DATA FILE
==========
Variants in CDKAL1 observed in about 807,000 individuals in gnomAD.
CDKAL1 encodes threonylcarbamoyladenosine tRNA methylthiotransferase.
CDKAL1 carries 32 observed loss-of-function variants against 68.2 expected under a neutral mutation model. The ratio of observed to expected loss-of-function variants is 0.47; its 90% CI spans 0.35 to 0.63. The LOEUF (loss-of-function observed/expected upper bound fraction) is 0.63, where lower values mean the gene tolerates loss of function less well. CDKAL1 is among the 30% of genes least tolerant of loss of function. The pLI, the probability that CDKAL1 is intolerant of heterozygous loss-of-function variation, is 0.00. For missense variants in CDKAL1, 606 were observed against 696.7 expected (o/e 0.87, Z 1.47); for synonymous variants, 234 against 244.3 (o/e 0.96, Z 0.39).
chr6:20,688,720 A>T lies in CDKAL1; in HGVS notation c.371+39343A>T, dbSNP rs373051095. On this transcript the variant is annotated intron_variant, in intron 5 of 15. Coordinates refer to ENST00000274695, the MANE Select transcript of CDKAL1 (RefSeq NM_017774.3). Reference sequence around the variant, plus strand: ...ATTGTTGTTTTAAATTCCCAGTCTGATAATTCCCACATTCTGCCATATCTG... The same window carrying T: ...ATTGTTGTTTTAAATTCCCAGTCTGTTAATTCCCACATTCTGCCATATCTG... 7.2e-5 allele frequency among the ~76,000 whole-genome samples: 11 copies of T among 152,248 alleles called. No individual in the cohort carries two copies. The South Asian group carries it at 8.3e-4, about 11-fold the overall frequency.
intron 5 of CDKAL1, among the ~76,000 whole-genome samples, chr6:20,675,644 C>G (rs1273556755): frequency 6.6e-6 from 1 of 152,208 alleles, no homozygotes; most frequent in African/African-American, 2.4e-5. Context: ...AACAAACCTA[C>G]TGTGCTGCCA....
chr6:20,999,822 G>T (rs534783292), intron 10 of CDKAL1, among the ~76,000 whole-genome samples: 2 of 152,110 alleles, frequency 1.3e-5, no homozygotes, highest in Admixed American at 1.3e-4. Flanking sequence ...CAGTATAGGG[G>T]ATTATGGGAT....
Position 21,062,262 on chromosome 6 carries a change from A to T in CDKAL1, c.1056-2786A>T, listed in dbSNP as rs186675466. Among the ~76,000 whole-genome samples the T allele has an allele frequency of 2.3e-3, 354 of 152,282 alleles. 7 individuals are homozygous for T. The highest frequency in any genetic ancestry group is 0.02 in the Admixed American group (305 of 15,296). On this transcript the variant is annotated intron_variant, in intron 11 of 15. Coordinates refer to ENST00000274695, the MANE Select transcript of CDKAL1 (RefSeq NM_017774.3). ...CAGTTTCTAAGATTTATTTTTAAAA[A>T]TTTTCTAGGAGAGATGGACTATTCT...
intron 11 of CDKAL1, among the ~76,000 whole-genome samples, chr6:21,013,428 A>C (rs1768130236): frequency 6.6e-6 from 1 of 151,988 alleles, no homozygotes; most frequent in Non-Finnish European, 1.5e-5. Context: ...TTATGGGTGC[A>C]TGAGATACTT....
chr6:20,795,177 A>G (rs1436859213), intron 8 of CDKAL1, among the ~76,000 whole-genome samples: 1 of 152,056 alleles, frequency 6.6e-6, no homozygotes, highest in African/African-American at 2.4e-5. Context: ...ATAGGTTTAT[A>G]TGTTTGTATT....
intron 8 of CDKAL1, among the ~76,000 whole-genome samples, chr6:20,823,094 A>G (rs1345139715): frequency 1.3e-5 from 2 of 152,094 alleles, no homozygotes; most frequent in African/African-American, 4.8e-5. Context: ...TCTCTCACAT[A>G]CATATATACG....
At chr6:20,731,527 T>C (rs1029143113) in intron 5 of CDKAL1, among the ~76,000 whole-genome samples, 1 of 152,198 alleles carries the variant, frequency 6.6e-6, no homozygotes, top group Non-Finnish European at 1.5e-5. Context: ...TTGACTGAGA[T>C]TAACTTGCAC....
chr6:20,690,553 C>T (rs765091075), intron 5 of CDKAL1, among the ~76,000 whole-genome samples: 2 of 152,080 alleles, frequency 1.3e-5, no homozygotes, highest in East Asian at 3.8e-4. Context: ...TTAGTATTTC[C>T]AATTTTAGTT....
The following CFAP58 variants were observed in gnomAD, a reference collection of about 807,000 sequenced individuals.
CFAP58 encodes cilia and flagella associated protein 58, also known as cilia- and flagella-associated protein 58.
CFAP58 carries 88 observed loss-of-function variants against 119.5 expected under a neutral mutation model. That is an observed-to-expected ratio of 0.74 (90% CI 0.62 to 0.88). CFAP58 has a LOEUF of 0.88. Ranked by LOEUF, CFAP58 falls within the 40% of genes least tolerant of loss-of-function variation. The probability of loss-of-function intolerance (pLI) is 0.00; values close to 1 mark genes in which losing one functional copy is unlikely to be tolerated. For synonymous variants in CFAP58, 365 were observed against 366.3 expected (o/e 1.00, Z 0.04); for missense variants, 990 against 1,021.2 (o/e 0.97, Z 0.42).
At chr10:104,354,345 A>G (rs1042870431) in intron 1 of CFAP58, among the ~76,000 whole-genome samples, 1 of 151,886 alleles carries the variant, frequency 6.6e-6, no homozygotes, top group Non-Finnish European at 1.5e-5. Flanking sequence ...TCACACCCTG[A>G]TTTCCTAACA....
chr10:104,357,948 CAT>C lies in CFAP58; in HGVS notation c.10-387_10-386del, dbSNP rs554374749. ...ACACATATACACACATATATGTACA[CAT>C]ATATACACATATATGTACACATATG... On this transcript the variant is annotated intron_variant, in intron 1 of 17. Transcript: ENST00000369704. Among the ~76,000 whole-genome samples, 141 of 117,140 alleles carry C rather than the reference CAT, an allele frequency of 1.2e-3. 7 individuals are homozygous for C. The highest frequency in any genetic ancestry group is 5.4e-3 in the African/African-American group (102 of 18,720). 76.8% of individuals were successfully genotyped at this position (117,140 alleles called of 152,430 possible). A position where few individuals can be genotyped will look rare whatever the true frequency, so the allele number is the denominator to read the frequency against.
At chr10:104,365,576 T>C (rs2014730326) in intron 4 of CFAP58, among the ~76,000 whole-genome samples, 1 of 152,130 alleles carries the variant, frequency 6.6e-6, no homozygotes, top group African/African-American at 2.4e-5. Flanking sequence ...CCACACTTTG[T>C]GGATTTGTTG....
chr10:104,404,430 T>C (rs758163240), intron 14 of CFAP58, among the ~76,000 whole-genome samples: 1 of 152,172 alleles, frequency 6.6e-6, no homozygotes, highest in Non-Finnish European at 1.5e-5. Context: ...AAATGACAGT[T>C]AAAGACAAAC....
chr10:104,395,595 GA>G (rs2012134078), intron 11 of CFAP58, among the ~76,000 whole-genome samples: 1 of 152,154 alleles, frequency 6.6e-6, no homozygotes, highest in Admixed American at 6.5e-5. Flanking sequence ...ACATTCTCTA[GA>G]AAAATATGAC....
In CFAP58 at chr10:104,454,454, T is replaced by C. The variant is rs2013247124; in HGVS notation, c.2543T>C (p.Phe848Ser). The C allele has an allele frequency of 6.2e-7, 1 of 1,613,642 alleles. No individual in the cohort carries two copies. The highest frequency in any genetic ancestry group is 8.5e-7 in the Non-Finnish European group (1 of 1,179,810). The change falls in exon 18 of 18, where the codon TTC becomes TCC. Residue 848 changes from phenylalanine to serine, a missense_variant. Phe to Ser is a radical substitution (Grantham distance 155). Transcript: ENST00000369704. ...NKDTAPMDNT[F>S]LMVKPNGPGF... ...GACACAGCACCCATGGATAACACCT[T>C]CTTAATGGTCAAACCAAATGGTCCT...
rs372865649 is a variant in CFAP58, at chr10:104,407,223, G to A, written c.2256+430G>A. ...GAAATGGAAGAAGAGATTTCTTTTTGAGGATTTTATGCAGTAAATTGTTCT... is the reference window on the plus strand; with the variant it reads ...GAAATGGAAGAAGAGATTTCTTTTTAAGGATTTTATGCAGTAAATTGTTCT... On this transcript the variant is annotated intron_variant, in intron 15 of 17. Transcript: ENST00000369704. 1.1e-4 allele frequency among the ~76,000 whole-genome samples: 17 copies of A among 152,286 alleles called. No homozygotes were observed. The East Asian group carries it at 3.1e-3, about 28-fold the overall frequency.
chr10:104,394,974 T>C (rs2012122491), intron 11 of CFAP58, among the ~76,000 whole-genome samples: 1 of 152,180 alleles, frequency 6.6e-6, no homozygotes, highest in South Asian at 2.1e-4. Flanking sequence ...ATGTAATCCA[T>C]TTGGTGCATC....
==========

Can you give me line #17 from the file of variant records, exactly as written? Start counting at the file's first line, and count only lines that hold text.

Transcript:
chr10:104,357,948 CAT>C lies in CFAP58; in HGVS notation c.10-387_10-386del, dbSNP rs554374749. ...ACACATATACACACATATATGTACA[CAT>C]ATATACACATATATGTACACATATG... On this transcript the variant is annotated intron_variant, in intron 1 of 17. Transcript: ENST00000369704. Among the ~76,000 whole-genome samples, 141 of 117,140 alleles carry C rather than the reference CAT, an allele frequency of 1.2e-3. 7 individuals are homozygous for C. The highest frequency in any genetic ancestry group is 5.4e-3 in the African/African-American group (102 of 18,720). 76.8% of individuals were successfully genotyped at this position (117,140 alleles called of 152,430 possible). A position where few individuals can be genotyped will look rare whatever the true frequency, so the allele number is the denominator to read the frequency against.